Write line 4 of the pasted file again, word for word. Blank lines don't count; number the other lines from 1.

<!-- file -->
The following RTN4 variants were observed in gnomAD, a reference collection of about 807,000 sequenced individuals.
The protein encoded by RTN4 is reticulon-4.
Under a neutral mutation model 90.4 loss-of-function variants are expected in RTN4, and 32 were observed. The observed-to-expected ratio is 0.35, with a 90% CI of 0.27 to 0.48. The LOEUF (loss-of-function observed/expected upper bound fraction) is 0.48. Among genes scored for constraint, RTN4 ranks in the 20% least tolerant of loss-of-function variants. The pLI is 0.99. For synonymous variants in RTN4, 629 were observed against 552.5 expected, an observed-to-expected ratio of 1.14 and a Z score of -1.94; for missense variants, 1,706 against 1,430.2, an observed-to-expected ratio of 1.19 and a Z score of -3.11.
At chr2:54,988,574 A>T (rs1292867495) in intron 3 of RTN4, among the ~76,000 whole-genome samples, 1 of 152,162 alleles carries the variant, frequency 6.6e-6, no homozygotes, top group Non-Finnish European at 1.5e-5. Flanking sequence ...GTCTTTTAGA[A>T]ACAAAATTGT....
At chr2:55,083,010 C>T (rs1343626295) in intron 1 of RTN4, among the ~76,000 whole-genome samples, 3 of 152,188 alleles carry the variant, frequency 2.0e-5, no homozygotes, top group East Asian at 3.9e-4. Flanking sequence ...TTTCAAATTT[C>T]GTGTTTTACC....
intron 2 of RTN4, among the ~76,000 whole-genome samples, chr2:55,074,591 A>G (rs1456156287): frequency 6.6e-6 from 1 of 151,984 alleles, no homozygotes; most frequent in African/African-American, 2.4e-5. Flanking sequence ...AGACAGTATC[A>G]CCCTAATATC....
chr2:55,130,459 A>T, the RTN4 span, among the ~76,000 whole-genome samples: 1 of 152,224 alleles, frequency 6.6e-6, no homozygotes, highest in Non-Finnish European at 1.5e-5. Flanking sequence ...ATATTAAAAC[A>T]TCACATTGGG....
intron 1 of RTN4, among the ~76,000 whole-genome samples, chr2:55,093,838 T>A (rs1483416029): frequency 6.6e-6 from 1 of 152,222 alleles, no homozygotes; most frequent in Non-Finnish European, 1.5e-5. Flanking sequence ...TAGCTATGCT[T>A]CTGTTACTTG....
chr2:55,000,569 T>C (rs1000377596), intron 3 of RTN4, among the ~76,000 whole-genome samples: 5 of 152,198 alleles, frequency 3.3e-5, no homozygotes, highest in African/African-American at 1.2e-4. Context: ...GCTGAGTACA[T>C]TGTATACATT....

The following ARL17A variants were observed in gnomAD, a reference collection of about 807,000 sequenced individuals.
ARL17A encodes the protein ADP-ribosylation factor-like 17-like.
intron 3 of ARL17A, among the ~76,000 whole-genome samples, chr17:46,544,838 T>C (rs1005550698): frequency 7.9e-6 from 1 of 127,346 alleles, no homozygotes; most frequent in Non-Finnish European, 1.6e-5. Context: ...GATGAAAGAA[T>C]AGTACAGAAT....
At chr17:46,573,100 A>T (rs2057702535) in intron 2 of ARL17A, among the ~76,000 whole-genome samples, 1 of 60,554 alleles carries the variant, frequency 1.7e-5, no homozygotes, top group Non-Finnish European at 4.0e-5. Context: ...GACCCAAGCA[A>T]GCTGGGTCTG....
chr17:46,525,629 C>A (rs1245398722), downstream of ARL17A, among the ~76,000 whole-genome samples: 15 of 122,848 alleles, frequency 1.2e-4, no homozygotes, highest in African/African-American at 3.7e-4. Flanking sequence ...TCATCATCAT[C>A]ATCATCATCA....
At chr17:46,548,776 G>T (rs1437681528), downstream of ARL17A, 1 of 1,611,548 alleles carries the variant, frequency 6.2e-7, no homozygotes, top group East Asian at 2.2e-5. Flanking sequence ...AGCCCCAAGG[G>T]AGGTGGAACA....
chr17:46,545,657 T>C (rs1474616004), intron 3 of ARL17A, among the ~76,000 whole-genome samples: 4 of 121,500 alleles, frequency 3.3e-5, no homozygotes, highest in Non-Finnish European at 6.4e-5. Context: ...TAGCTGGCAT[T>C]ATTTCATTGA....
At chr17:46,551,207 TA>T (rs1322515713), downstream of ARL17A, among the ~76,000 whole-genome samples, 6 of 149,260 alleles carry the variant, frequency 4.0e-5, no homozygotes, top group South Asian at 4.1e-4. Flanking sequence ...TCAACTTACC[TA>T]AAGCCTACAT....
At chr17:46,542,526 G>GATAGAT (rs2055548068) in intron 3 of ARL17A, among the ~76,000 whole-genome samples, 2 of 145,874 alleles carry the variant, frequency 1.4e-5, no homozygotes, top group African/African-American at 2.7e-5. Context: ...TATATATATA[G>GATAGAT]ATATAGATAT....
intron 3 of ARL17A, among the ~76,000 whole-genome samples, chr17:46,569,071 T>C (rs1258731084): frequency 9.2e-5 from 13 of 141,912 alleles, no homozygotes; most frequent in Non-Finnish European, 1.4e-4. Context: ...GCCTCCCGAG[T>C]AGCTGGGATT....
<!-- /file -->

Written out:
At chr2:54,988,574 A>T (rs1292867495) in intron 3 of RTN4, among the ~76,000 whole-genome samples, 1 of 152,162 alleles carries the variant, frequency 6.6e-6, no homozygotes, top group Non-Finnish European at 1.5e-5. Flanking sequence ...GTCTTTTAGA[A>T]ACAAAATTGT....